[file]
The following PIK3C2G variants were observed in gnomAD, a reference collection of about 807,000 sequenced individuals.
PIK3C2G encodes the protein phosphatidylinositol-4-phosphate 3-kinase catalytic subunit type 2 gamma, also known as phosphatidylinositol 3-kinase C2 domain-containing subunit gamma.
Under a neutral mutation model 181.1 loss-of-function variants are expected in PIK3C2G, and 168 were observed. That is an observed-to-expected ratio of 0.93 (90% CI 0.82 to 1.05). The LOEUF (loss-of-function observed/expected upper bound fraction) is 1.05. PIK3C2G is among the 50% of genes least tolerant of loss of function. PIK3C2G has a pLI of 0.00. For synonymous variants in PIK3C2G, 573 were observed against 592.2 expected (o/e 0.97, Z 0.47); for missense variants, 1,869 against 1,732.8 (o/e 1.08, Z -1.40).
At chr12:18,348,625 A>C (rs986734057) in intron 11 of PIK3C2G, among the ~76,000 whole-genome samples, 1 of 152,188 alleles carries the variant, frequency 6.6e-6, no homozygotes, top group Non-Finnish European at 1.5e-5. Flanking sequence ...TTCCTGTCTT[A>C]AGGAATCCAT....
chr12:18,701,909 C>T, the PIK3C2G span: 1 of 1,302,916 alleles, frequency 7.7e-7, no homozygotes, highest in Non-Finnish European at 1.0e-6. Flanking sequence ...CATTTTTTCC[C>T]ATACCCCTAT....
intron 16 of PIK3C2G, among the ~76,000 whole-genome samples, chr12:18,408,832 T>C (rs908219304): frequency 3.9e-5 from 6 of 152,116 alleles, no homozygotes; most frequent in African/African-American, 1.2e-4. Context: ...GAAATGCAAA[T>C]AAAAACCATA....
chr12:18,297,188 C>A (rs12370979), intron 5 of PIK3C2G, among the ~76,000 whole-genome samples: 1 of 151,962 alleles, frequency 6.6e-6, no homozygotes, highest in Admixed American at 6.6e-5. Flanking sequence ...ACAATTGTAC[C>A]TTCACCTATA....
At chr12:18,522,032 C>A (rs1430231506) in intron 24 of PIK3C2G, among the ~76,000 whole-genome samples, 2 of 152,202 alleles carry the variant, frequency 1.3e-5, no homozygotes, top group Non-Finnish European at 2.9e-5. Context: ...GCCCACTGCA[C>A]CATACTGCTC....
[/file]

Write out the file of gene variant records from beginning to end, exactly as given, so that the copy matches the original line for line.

The following PIK3C2G variants were observed in gnomAD, a reference collection of about 807,000 sequenced individuals.
PIK3C2G encodes the protein phosphatidylinositol-4-phosphate 3-kinase catalytic subunit type 2 gamma, also known as phosphatidylinositol 3-kinase C2 domain-containing subunit gamma.
Under a neutral mutation model 181.1 loss-of-function variants are expected in PIK3C2G, and 168 were observed. That is an observed-to-expected ratio of 0.93 (90% CI 0.82 to 1.05). The LOEUF (loss-of-function observed/expected upper bound fraction) is 1.05. PIK3C2G is among the 50% of genes least tolerant of loss of function. PIK3C2G has a pLI of 0.00. For synonymous variants in PIK3C2G, 573 were observed against 592.2 expected (o/e 0.97, Z 0.47); for missense variants, 1,869 against 1,732.8 (o/e 1.08, Z -1.40).
At chr12:18,348,625 A>C (rs986734057) in intron 11 of PIK3C2G, among the ~76,000 whole-genome samples, 1 of 152,188 alleles carries the variant, frequency 6.6e-6, no homozygotes, top group Non-Finnish European at 1.5e-5. Flanking sequence ...TTCCTGTCTT[A>C]AGGAATCCAT....
chr12:18,701,909 C>T, the PIK3C2G span: 1 of 1,302,916 alleles, frequency 7.7e-7, no homozygotes, highest in Non-Finnish European at 1.0e-6. Flanking sequence ...CATTTTTTCC[C>T]ATACCCCTAT....
intron 16 of PIK3C2G, among the ~76,000 whole-genome samples, chr12:18,408,832 T>C (rs908219304): frequency 3.9e-5 from 6 of 152,116 alleles, no homozygotes; most frequent in African/African-American, 1.2e-4. Context: ...GAAATGCAAA[T>C]AAAAACCATA....
chr12:18,297,188 C>A (rs12370979), intron 5 of PIK3C2G, among the ~76,000 whole-genome samples: 1 of 151,962 alleles, frequency 6.6e-6, no homozygotes, highest in Admixed American at 6.6e-5. Flanking sequence ...ACAATTGTAC[C>A]TTCACCTATA....
At chr12:18,522,032 C>A (rs1430231506) in intron 24 of PIK3C2G, among the ~76,000 whole-genome samples, 2 of 152,202 alleles carry the variant, frequency 1.3e-5, no homozygotes, top group Non-Finnish European at 2.9e-5. Context: ...GCCCACTGCA[C>A]CATACTGCTC....